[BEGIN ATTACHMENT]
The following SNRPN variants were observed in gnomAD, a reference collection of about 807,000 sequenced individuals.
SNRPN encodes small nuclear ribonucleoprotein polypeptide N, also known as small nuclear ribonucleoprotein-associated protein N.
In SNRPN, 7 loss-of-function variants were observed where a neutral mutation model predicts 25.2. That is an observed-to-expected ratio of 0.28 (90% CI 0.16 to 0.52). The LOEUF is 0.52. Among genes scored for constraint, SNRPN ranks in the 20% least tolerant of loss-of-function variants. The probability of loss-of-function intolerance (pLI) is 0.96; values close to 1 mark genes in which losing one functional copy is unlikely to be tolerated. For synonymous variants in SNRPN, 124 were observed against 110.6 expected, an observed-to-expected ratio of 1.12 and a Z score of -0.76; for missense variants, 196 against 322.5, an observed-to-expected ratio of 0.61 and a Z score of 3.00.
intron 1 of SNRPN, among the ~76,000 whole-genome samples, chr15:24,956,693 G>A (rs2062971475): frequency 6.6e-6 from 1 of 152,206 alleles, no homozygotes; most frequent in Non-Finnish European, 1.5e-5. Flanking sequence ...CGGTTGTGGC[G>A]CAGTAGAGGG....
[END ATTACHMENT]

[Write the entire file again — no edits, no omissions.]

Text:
The following SNRPN variants were observed in gnomAD, a reference collection of about 807,000 sequenced individuals.
SNRPN encodes small nuclear ribonucleoprotein polypeptide N, also known as small nuclear ribonucleoprotein-associated protein N.
In SNRPN, 7 loss-of-function variants were observed where a neutral mutation model predicts 25.2. That is an observed-to-expected ratio of 0.28 (90% CI 0.16 to 0.52). The LOEUF is 0.52. Among genes scored for constraint, SNRPN ranks in the 20% least tolerant of loss-of-function variants. The probability of loss-of-function intolerance (pLI) is 0.96; values close to 1 mark genes in which losing one functional copy is unlikely to be tolerated. For synonymous variants in SNRPN, 124 were observed against 110.6 expected, an observed-to-expected ratio of 1.12 and a Z score of -0.76; for missense variants, 196 against 322.5, an observed-to-expected ratio of 0.61 and a Z score of 3.00.
intron 1 of SNRPN, among the ~76,000 whole-genome samples, chr15:24,956,693 G>A (rs2062971475): frequency 6.6e-6 from 1 of 152,206 alleles, no homozygotes; most frequent in Non-Finnish European, 1.5e-5. Flanking sequence ...CGGTTGTGGC[G>A]CAGTAGAGGG....